A Prophecy Against Babylon (13:1–22)
What does this mean for us? It means that we should understand the particular judgments of God in history to be warnings of things yet to come. We are meant to learn from God’s historical judgments and turn to Him, so that when the final judgment comes our names will be found written in the book of life (Revelation 20:15).
14–16 In these verses Isaiah returns to the particular or “local” judgment against Babylon. The Babylonians had taken into exile many people from neighboring nations—including, of course, the people of Judah. When Babylon is about to fall, these various exiles will try to flee to [their] native land (verse 14). But those exiles who are caught and those who are found living among the Babylonians will all be killed or ravished (verses 15–16).
17–22 Isaiah continues his vision of the defeat of the Babylonians. The Medes (from the northwestern part of present day Iran) will take part in Babylon’s destruction (verses 17–18). Babylon was a beautiful city, the jewel of kingdoms; but it will be destroyed, just as Sodom and Gomorrah were destroyed77 (verse 19).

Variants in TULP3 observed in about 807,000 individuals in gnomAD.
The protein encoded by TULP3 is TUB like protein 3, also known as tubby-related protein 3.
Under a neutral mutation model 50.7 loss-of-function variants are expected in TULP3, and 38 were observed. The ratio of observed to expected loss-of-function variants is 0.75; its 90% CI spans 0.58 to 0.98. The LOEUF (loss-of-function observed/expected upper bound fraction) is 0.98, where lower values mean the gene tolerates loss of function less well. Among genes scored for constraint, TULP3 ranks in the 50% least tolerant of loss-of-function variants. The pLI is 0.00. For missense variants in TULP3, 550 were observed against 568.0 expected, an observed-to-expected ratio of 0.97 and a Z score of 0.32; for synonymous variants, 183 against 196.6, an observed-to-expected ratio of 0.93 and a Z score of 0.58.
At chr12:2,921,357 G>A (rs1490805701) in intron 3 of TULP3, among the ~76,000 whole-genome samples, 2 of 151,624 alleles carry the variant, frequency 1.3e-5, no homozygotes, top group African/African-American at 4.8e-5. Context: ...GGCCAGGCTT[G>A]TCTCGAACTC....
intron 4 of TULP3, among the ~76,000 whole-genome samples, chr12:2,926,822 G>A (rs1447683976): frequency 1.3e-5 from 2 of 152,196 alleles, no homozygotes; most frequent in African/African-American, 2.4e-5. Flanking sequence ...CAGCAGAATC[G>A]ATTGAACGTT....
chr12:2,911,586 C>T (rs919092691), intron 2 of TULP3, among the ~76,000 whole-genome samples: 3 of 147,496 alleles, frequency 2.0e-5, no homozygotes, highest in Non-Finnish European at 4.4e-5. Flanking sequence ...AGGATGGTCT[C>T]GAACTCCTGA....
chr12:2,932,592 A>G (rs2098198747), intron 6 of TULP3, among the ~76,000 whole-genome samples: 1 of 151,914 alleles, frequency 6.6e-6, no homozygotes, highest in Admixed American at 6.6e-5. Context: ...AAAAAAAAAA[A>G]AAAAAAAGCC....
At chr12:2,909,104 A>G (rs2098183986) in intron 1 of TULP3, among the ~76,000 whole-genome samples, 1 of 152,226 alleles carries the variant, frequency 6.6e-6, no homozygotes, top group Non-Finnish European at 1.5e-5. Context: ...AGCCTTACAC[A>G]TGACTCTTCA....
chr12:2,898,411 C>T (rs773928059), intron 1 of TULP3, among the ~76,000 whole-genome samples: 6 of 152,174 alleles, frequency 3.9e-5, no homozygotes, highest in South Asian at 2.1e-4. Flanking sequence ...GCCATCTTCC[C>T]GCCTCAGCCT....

Isaiah says the city of Babylon will never be inhabited . . . through all generations (verse 20). This prophecy has indeed come true. By the end of the first century A.D., Babylon had become a deserted ruin, and it remains so to this day.
Ancient Babylon has become a symbol of godless worldly power. In Revelation Chapter 18, Rome, the center of the world’s greatest empire in Christ’s time, was called “Babylon” by the Apostle John. The Roman Empire too has fallen, and many others like it through the centuries. Isaiah’s message is this: all nations who set themselves up against God will ultimately come to ruin. We do well to ask: How many “Babylons” are there in our world today?